With several programs in place addressing school climate, the Berkeley Unified School District had no expulsions and significantly fewer suspensions last year.
The suspension rate of middle and high schools in the district decreased from 12 percent in the 2011-12 school year to 4 percent in the past school year, according to a Berkeley Unified School District report this semester. Over that same period, Berkeley High School improved its suspension rate from 10 percent to two percent.
District officials took the numbers as a sign of success for programs such as the Vision 2020 initiative and the Local Control Accountability Plan (LCAP).
“There has been an unusual collaboration between the school district, the city of Berkeley and other organizations,” said Susan Craig, the Berkeley Unified School District director of student services.
The percentage specific to African American students, who Craig said have accounted for a disproportionate amount of suspensions, decreased from 28 percent in the 2011-12 year to 13 percent in the 2015-16 year and from 21 percent to only 5 percent at Berkeley High in that time.
Mimi Pulich, member of the Parent Advisory Committee to the LCAP, said a decrease in the number of suspensions provides evidence for a good school climate, which the state considers when providing funds within LCAP.
Berkeley Unified School District and other organizations are working on programs that explore alternatives to suspending students, such as behavioral support and counselling.
Craig believes that those measures can change actual student behavior. She said suspension does not teach students different behavior, while alternative methods provide them with tools to handle conflict.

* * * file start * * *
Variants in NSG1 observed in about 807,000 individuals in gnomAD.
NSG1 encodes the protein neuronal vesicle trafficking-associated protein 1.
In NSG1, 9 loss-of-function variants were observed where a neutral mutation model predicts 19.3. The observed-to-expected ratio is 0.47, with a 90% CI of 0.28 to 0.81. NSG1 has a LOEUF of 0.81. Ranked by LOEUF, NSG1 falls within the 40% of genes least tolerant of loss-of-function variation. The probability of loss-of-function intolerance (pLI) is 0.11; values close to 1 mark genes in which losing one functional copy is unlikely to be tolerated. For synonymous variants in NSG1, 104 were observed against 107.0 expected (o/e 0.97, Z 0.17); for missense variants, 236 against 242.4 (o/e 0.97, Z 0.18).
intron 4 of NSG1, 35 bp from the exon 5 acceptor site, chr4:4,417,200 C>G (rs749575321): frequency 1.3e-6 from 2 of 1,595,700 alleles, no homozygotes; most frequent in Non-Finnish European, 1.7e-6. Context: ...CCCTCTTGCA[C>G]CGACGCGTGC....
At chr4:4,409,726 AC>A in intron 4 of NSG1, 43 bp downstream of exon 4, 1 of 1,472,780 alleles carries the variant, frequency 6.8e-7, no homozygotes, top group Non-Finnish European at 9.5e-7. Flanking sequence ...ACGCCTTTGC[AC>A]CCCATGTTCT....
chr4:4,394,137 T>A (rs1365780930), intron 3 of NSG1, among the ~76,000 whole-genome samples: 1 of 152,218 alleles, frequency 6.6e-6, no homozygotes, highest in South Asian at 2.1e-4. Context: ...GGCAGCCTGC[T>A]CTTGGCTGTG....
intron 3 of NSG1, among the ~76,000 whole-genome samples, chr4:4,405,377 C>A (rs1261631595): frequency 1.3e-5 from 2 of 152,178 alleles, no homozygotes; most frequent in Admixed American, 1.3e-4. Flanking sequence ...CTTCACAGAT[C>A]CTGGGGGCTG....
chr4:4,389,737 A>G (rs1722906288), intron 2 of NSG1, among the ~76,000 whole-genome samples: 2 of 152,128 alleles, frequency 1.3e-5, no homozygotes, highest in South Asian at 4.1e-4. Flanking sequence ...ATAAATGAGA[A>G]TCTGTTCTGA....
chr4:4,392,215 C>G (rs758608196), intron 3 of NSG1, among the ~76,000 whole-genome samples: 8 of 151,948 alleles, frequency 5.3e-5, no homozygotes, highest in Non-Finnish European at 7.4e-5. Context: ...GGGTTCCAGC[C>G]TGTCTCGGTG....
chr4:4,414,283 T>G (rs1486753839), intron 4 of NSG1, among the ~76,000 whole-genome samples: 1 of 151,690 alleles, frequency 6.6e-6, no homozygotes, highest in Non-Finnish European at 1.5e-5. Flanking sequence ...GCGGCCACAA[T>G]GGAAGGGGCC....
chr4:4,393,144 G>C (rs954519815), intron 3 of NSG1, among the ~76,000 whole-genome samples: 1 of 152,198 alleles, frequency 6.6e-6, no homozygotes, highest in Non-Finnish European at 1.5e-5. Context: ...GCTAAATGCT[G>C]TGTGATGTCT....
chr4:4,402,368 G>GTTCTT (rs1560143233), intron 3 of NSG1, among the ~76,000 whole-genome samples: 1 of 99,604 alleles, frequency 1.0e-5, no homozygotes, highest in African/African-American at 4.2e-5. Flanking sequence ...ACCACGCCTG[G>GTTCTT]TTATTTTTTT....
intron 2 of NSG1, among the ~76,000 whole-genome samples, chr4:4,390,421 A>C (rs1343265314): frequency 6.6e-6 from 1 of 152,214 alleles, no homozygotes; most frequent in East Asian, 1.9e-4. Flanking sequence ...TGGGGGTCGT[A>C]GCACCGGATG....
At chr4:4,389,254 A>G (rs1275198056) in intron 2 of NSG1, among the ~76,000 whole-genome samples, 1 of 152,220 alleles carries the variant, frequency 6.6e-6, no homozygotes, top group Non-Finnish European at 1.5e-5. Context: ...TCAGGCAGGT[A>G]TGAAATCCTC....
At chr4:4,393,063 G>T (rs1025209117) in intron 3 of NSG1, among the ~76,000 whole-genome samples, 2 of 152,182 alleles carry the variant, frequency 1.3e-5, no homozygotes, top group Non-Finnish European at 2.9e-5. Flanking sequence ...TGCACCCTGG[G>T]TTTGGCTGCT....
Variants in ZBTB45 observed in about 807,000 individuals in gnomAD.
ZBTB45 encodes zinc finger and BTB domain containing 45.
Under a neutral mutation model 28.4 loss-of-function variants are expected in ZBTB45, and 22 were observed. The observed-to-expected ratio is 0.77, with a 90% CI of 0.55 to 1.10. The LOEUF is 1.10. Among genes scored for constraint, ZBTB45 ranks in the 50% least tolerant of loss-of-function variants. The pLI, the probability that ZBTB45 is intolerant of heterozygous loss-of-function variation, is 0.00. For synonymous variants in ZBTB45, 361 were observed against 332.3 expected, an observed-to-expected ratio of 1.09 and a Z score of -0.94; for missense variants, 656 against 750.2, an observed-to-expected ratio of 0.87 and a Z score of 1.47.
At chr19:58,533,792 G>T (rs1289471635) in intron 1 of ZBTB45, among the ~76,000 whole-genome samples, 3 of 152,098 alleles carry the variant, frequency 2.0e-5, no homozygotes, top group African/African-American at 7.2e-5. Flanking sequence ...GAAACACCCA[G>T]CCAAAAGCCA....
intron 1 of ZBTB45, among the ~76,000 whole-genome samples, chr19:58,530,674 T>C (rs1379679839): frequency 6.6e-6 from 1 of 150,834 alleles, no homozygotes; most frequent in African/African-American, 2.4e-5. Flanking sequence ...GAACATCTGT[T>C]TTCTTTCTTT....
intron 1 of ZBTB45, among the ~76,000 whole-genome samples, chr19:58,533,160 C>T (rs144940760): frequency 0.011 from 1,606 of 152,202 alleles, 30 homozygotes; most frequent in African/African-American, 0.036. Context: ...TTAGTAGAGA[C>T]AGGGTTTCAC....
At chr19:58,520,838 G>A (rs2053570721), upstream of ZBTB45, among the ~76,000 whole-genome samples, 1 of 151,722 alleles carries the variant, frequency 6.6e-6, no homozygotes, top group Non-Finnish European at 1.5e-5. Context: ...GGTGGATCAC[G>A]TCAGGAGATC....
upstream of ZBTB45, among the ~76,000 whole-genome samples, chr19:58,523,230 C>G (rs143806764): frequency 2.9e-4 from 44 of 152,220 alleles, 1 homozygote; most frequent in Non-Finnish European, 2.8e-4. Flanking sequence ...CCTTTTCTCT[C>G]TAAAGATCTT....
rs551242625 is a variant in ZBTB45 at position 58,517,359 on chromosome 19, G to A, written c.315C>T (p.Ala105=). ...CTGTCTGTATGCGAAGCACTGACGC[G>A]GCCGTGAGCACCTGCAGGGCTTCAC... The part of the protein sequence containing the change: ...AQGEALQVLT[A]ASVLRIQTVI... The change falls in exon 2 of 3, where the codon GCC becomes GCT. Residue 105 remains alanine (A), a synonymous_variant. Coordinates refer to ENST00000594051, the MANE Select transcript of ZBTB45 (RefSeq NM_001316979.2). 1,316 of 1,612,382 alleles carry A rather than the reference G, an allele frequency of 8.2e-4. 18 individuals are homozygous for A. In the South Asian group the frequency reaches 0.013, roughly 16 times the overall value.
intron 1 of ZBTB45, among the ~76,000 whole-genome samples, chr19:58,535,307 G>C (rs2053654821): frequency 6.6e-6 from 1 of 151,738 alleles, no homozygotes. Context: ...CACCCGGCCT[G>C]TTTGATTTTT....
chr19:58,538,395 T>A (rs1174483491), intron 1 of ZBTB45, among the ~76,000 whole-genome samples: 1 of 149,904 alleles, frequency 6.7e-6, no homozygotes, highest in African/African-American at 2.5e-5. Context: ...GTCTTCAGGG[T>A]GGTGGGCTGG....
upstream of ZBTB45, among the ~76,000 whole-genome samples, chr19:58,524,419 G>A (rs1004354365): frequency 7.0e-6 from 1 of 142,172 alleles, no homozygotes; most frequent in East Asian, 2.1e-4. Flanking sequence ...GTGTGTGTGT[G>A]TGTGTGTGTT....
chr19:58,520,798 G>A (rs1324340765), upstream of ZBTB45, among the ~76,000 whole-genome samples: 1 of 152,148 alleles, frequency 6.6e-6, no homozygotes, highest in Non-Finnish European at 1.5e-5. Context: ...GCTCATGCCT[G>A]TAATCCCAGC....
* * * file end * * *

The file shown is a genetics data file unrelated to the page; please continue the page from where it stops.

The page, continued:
“It’s a huge change in practice and it’s … much better for the students and staff,” Craig said.
Craig and Pulich emphasized the particular impact of the Restorative Justice program, which facilitates conflict resolution in group discussions. Every middle school in the district as well as Berkeley High School has its own restorative justice counselor, Craig said.
Other than conflict resolution, other programs in place address alcohol and drug use, making positive life choices, building self-esteem and healthy relationships.
Pulich emphasizes efforts to engage students’ families in the process. Family engagement coordinators will call parents if their child is repeatedly absent, and counselors will interact with English learners and talk to their parents.
Since 2008, Berkeley Unified School District and the city of Berkeley have worked together on the Vision 2020 initiative, which aims to end disparities in academic achievement and has also helped to decrease the suspension rates, Craig said.
“The goal goes beyond the numbers,” Pulich said, “I think that from the parent perspective, we are not looking at the numbers as much as we’re looking at the programs.”